Rights-based approaches also recognise that people must take action to realise their human rights – that the struggle for the realisation of rights is a collective struggle and one that needs to transform the unequal power relationships and structures in our society that lie at the root of poverty and social injustice.
As highlighted by the Danish Centre for Human Rights (DCHR), rights-based approaches seek to achieve this by integrating the norms, principles, standards, and goals of the international human rights system into the plans and processes of development.
There are some key components that assist in breaking it down.
- Participation: This is a human right in itself and a means to ensure accountability of Governments and other actors with obligations to facilitate your rights. It does not mean consultation but a mutual decision-making process, where different actors share power and set agendas jointly. It focuses on people as the owners of rights and the directors of their development. It also demands priority to the ‘voice’ of marginalised groups, spaces for participation and mechanisms to ensure that voice leads to accountability.
- Accountability: A rights-based approach can help to identify the obligations of the government (and possibly others), the different possible entry points for change, and the objective – such as the realisation of your right to health or education. Action to seek to hold the Government to account is fundamental to achieving rights. This can happen through informal and formal ways ranging from policy, legal redress, political action and activism to social mobilisation, networking, leadership, education, collective resistance, and service delivery.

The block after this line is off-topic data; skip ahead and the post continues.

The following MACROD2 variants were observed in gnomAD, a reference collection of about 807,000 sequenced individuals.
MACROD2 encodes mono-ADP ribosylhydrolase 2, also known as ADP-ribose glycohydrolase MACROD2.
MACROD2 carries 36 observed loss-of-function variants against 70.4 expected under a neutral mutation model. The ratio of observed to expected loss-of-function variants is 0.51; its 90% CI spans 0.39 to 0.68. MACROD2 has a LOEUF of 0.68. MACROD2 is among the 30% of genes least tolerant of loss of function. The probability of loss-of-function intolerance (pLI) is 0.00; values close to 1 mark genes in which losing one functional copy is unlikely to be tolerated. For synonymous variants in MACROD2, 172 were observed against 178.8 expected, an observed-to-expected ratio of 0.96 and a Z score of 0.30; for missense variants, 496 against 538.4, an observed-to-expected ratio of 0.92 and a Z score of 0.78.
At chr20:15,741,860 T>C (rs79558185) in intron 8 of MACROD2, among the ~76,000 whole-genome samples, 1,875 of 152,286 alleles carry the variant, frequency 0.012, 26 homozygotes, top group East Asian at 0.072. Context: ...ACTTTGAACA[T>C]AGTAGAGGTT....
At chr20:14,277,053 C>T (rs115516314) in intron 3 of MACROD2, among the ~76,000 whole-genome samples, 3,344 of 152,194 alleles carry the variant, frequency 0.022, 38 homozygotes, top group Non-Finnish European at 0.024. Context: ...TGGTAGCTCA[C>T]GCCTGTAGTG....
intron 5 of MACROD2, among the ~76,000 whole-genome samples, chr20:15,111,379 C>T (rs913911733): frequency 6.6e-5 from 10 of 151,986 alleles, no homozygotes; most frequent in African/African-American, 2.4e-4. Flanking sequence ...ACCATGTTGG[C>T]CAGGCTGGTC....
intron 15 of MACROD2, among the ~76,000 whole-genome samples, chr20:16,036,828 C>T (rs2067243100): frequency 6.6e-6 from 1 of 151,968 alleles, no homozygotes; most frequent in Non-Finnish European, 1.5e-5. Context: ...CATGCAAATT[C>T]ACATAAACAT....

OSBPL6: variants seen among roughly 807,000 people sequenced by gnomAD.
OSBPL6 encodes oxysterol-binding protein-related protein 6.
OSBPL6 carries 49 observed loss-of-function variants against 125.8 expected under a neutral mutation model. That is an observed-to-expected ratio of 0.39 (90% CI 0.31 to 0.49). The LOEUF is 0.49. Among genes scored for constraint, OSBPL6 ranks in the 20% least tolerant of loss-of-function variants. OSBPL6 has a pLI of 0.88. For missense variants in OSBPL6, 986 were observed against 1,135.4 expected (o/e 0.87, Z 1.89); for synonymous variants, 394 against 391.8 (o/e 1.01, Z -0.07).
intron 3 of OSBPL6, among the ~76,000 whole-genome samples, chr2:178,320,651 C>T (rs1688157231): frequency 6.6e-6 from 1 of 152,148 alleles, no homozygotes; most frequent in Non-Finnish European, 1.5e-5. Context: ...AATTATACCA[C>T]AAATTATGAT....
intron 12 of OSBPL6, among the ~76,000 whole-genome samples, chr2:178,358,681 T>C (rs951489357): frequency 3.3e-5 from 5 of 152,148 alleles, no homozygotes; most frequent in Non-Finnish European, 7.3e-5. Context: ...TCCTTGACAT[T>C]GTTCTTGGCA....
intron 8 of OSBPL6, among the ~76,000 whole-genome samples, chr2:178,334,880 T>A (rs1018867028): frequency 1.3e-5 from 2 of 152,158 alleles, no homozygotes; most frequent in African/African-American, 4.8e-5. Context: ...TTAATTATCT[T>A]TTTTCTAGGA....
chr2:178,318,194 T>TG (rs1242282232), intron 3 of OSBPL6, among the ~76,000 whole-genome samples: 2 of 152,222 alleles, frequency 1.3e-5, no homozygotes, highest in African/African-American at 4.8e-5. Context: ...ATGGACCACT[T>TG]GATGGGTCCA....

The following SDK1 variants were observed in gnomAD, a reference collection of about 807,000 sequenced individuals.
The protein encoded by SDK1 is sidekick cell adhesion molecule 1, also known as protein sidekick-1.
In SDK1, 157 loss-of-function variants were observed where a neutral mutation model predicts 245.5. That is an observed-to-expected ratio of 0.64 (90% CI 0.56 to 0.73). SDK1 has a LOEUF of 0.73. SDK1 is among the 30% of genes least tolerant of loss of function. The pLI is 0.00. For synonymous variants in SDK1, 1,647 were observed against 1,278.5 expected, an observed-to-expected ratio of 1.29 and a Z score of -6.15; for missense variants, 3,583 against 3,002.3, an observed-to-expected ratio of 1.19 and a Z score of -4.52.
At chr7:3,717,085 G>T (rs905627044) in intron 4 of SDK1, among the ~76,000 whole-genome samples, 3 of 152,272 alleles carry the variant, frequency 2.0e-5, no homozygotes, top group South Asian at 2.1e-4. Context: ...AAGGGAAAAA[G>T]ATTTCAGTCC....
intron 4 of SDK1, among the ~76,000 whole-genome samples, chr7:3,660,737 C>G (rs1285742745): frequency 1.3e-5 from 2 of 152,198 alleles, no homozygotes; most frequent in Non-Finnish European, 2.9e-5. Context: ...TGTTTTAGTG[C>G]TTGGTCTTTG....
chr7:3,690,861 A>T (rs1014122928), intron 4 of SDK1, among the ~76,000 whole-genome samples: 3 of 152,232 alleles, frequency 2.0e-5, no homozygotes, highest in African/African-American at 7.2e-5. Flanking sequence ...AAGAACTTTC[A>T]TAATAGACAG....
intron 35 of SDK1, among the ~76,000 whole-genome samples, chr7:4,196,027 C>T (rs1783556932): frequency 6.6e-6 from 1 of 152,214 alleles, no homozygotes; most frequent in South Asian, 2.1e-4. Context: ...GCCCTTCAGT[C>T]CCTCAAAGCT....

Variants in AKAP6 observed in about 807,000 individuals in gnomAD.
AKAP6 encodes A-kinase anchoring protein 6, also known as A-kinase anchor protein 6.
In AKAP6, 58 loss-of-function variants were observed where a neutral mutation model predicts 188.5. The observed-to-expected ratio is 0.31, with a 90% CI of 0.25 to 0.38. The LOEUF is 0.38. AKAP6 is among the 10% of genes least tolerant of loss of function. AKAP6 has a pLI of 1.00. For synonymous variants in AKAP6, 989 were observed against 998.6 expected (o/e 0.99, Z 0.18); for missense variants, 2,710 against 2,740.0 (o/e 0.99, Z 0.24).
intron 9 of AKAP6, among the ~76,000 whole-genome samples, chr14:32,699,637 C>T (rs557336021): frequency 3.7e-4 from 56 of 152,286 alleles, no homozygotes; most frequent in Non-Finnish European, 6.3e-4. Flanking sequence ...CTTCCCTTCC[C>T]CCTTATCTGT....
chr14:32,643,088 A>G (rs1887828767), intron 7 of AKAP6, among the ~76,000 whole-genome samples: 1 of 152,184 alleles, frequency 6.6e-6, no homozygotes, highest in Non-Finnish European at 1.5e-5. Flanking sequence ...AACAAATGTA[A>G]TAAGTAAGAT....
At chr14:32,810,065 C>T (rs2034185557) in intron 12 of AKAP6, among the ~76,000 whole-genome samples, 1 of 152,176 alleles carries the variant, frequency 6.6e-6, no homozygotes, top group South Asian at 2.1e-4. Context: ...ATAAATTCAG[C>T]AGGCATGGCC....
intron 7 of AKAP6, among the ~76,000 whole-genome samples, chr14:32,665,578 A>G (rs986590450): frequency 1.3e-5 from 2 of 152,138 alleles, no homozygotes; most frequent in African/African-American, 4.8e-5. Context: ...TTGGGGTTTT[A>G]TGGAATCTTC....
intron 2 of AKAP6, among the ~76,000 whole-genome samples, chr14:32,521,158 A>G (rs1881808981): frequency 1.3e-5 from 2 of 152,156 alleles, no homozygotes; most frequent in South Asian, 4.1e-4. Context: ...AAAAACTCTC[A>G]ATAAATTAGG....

As the DCHR also explains, while the overall legal obligation to comply with human rights standards lies with the government, every individual or institution that has the power to affect the lives of rights-holders has a moral obligation to respect human rights. As such, under a rights-based approach, both parents and child-care service providers have moral responsibilities to respect the rights of Aboriginal and Torres Strait Islander Children.
- Non-discrimination: Rights-based approaches centre on inclusion and equality. They prioritise attention to the most marginalised and impoverished groups within any given context, such as women, minorities, and Indigenous people, ensuring that existing power imbalances are not reinforced, but rebalanced.
- Empowerment: Rights-based approaches support self-empowerment of those people to renegotiate their relationship with the State and other groups, to effect meaningful changes in their own lives, and to improve their communities. It looks at the underlying power dynamics of why people don’t have equal opportunities to enjoy their rights. It also expands people’s choices and opportunities: to invest them with the power, capacities, capabilities, self-worth, and access needed to do this.